This gate was erected by Mir Jumla, who was appointed Governor of Bengal in 1660.  Trade and commerce took off in the capital city, with people coming from  Holland, France, England, Greece and Armenia to do business. Now this landmark is in disrepair and nothing is being done to preserve it.  

 Old Dhaka, The Group of Volunteers Who Showed Me Their Town

Old Dhaka, The Group of Volunteers Who Showed Me Their Town

The group in the photo above are the wonderful people who escorted me through Old Dhaka.  I felt so honored that they came out and brought flowers for me.  The woman who is second to the right is from Belgium and works for First Defenders, who provide legal help for people in developing countries who are standing up for their human rights.  I was treated with such incredible respect and people were so gracious and grateful that I came to see the plight of their waterways.  Often our media only shows the problems in these countries and people fighting or suffering or refugees.  They paint a scary picture of otherness, but walking through the streets with my hosts I felt included and befriended.  There is something very special about truly honoring one another with such good will.  I always raised my children to accept and celebrate diversity, but often living in homogenous suburbs it was just a theory.  When connections like this are experienced, otherness disappears and that most certainly is the strat to healing and working together to solve the problems our entire globe is experiencing.

 Dhaka Jute Holiday

Dhaka Jute Holiday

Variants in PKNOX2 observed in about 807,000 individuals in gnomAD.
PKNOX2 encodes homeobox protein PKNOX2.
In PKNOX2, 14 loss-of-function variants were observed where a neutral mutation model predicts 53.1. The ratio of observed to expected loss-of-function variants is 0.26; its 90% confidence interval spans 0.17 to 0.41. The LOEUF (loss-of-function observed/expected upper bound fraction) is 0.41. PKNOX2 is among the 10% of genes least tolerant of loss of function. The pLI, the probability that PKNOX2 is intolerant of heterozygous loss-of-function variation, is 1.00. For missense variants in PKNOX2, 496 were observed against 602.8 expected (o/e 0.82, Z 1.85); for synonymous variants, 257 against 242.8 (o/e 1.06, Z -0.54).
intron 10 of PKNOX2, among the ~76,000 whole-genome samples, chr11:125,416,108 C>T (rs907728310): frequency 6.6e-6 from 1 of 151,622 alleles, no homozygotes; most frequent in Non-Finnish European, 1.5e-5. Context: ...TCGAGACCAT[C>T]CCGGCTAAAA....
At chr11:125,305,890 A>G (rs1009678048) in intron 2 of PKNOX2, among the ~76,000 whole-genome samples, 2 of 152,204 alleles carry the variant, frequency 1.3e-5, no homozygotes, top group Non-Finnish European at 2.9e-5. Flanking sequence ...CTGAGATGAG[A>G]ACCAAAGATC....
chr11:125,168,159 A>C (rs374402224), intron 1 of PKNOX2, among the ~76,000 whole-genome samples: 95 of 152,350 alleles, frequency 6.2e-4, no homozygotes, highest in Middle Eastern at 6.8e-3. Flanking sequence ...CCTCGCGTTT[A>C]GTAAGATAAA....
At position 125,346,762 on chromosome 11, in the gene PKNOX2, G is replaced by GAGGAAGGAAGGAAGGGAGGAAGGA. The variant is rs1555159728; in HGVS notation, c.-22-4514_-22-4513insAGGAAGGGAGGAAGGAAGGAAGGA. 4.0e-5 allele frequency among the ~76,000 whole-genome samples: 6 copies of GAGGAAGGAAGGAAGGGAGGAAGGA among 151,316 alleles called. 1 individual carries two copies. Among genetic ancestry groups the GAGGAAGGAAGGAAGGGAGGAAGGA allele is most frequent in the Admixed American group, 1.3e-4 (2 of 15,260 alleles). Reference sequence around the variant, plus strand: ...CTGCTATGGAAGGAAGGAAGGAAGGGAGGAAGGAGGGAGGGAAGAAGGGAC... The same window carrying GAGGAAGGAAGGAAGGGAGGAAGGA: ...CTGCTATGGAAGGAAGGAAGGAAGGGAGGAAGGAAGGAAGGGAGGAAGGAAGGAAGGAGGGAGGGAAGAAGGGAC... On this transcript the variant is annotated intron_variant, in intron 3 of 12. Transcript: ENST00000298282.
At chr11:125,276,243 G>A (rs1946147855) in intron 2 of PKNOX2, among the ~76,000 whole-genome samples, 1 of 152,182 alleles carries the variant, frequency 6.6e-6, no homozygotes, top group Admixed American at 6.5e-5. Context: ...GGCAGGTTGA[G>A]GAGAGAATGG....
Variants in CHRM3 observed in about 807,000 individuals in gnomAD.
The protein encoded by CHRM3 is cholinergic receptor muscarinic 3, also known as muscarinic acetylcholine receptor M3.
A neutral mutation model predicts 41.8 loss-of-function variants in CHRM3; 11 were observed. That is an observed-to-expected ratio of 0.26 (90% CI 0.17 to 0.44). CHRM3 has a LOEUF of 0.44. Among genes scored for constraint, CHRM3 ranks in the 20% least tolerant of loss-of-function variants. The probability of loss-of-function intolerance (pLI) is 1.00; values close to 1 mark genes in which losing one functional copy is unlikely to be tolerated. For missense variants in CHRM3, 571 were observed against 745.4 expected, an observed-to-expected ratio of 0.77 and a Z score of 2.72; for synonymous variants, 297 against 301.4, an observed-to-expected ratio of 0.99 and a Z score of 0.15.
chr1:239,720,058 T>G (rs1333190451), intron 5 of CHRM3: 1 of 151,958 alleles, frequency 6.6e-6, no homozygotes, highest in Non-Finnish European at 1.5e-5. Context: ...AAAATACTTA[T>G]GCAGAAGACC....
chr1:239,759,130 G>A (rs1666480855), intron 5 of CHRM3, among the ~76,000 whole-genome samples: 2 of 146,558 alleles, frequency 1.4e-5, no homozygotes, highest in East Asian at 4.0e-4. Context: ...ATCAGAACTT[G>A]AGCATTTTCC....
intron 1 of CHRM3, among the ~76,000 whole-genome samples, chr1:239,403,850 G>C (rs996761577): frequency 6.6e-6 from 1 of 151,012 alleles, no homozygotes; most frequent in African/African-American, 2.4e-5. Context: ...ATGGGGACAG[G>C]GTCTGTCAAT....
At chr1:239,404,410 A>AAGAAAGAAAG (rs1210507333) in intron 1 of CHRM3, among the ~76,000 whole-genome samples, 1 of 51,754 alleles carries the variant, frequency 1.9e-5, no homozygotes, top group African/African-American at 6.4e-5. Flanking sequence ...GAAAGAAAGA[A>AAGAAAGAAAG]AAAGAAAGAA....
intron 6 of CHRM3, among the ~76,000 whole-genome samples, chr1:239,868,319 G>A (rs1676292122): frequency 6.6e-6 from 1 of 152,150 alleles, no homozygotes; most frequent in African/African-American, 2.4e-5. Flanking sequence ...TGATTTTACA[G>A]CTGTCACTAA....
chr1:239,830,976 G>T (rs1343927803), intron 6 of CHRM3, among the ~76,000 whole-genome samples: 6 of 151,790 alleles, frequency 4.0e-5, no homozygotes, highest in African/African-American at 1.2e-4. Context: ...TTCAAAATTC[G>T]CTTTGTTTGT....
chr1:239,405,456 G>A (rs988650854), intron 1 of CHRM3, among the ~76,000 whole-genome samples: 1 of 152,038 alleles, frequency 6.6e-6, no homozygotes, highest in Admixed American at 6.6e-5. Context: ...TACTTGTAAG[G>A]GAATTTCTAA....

There is just one more image I wanted to share and that is the one above.  The day I visited Old Dhaka was a national Jute holiday.  There were photos and billboards of jute all around the city.  Though it is not as popular today as it once was, the country is making an effort to revitalize it.  There was even a slogan for the day, "Golden Fiber, Golden Country.  When I was this woman walk buy and look up a the glamorous women in the photograph while she was so glamorous herself, I had to roll down the car window and take the shot.  It was especially beautiful to see the conventional dress and materials being celebrated. The people of Bangladesh are not without pride.  Though their country suffers from many problems associated with climate change and overpopulation, that does not mean that they are lesser people. On the contrary, the resilience, steadfastness, and dignity they exhibit in the face of critical environmental crises made me realize how remarkable the Bengali people are and how much I can learn from them about not giving up.

The Invitation to Infinity and Oneness I Experienced in the Sundarbans

 Sundarbans Heritiera Fomes on Red List of Threatened Species

Sundarbans Heritiera Fomes on Red List of Threatened Species